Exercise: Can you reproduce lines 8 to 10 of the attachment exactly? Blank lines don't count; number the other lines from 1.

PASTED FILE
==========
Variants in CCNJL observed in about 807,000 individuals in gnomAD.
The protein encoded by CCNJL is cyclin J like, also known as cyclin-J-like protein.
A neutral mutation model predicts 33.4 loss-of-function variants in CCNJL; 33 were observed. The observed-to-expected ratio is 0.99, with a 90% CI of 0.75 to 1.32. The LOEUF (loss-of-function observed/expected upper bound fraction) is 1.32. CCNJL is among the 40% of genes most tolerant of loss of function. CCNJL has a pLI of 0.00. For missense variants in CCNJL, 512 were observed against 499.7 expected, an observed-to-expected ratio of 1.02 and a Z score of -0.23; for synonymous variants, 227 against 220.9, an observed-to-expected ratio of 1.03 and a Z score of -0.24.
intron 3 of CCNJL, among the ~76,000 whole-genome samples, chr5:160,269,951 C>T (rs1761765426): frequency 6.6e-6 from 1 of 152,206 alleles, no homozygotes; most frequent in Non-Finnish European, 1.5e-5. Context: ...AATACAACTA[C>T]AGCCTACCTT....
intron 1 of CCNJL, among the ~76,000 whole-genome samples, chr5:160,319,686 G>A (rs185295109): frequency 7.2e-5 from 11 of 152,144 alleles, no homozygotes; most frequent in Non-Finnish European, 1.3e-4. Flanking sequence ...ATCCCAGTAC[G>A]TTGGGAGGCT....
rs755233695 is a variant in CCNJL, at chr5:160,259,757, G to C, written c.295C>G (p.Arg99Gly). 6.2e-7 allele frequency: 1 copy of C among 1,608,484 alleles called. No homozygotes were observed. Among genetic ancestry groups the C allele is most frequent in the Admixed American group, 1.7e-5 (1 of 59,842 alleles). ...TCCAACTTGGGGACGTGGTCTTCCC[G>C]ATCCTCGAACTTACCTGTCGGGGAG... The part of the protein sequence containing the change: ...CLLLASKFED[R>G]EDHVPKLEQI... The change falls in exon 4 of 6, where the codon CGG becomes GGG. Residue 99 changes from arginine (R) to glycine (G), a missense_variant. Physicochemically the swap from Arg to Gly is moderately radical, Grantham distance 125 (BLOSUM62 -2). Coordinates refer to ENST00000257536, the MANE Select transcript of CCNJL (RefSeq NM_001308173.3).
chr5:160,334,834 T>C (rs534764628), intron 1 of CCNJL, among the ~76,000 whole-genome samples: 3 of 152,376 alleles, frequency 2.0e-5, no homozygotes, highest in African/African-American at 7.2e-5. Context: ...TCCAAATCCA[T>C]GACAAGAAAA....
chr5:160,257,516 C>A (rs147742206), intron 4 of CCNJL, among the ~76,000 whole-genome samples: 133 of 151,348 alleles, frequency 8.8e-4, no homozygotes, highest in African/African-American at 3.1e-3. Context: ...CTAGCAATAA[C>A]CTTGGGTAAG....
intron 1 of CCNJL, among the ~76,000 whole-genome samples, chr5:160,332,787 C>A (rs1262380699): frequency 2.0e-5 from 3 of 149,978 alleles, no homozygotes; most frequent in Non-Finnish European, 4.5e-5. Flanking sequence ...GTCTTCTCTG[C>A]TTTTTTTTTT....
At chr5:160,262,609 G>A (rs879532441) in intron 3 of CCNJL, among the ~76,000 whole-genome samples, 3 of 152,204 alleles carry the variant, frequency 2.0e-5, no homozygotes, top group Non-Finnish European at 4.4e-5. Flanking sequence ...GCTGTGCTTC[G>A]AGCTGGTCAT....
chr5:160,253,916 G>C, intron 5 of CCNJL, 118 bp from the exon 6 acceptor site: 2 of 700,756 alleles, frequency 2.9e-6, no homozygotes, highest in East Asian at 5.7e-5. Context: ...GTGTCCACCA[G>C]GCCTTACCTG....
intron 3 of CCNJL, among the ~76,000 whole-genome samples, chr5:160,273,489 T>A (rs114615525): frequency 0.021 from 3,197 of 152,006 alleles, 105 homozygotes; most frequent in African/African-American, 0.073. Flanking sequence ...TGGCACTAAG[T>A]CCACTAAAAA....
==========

chr5:160,257,516 C>A (rs147742206), intron 4 of CCNJL, among the ~76,000 whole-genome samples: 133 of 151,348 alleles, frequency 8.8e-4, no homozygotes, highest in African/African-American at 3.1e-3. Context: ...CTAGCAATAA[C>A]CTTGGGTAAG....
intron 1 of CCNJL, among the ~76,000 whole-genome samples, chr5:160,332,787 C>A (rs1262380699): frequency 2.0e-5 from 3 of 149,978 alleles, no homozygotes; most frequent in Non-Finnish European, 4.5e-5. Flanking sequence ...GTCTTCTCTG[C>A]TTTTTTTTTT....
At chr5:160,262,609 G>A (rs879532441) in intron 3 of CCNJL, among the ~76,000 whole-genome samples, 3 of 152,204 alleles carry the variant, frequency 2.0e-5, no homozygotes, top group Non-Finnish European at 4.4e-5. Flanking sequence ...GCTGTGCTTC[G>A]AGCTGGTCAT....